Yesterday, the Middle East's largest airline announced a 20 percent cut in flights to the United States. One can almost hear the applause coming from the airlines and union headquarters here in North Texas.
For years, airlines and unions have argued that carriers from the Persian Gulf have been taking massive government subsidies in violation of international rules called Open Skies agreements. The American carriers wanted the U.S. government to renegotiate the agreements, but the Obama administration solicited reams of data from the U.S. airlines and then did nothing.
The Trump administration came into power promising to protect U.S. business interests, and the U.S. airline industry certainly hoped he would cater to their needs. The industry group formed to push the renegotiation, called the Partnership for Fair & Open Skies, began outreach a day after the election and started a White House email campaign on their website. Airline executives met Trump after the election, doubtlessly bringing the topic to the conversation.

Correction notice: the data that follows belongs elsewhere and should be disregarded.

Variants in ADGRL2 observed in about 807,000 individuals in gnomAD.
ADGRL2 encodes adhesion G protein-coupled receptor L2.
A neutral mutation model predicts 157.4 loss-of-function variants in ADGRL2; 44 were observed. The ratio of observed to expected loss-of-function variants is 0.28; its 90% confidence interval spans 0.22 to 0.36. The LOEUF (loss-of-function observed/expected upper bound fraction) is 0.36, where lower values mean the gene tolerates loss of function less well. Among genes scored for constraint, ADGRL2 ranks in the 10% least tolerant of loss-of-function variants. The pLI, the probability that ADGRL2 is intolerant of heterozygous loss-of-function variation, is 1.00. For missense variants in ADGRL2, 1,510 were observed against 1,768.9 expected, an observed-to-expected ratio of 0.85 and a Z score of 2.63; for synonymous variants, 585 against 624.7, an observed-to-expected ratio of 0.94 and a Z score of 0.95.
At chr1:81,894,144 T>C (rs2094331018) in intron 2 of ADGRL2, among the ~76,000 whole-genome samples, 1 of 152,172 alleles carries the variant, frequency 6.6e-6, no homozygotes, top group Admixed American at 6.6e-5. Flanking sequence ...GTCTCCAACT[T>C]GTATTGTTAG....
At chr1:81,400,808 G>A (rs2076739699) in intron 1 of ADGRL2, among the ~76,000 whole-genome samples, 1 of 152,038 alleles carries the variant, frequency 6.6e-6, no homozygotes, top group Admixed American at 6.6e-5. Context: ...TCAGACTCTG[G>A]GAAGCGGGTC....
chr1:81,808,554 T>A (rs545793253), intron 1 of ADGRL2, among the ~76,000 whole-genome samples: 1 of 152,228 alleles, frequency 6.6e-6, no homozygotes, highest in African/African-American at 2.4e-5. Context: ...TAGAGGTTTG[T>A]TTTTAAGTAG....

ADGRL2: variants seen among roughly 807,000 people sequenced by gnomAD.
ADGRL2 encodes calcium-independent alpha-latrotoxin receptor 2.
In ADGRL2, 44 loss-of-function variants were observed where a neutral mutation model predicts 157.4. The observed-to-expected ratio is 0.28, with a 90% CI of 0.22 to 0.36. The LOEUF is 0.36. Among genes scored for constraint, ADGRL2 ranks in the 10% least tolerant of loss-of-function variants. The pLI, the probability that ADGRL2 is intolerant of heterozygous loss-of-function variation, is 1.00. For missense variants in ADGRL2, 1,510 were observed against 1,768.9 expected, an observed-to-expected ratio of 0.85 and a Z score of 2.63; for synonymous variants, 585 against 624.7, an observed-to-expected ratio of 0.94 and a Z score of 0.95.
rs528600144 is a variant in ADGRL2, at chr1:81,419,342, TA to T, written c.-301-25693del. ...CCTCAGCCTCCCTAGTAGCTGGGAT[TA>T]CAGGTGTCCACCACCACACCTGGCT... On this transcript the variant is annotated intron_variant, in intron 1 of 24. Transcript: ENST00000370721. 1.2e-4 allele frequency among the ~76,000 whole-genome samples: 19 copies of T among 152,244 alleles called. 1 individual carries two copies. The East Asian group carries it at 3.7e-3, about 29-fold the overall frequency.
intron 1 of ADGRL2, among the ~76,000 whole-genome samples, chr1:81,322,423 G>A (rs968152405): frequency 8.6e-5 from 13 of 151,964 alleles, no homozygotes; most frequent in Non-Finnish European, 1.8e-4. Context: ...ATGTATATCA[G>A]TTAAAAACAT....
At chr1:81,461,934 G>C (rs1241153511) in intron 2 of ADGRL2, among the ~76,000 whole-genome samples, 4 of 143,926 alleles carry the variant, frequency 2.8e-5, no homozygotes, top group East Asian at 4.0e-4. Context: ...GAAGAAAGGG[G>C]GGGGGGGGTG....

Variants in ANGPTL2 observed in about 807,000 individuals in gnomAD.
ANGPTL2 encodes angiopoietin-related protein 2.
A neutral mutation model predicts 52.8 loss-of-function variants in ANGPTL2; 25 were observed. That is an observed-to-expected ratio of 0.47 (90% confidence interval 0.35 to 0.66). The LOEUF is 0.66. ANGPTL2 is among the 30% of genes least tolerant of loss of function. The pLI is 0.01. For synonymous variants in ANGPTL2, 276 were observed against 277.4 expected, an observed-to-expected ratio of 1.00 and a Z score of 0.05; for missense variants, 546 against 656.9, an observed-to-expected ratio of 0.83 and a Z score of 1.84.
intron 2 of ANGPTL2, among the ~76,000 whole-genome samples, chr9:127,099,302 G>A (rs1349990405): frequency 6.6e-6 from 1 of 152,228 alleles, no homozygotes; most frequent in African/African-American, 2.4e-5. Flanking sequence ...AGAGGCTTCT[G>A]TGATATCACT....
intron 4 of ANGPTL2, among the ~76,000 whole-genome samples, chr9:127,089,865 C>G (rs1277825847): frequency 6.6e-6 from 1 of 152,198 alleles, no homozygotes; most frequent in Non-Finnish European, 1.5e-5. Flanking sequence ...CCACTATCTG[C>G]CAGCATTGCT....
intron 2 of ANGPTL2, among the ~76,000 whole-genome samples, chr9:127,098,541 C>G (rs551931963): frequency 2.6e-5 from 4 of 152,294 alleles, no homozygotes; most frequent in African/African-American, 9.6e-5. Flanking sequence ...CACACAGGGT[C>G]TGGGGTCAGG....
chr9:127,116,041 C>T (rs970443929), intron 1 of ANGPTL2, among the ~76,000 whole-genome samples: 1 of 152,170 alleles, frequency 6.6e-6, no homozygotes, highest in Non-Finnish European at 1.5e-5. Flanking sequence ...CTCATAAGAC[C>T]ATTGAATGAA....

The partnership is an alliance of American Airlines, Delta Air Lines and United Airlines and a slew of unions. Fort Worth-based American is a major partner, and Dallas-based Southwest's pilots' association is also a member. This advocacy group's nemeses are Middle Eastern airlines like Emirates that want to fly to more cities in the United States.
The U.S. carriers claim these carriers enjoy government subsidies that enable them to fly airplanes that are unprofitably empty, undercut U.S. prices and claim more market share. That's the shared threat to the airlines and unions, which are typically at each other's throats.
Today's news fits the airline industry's desire that the foreign carriers cut back on the number of flights to the United States. Emirates says it will remove 25 of the 126 weekly flights starting in May, with flights to Florida, Seattle and Boston curtailed.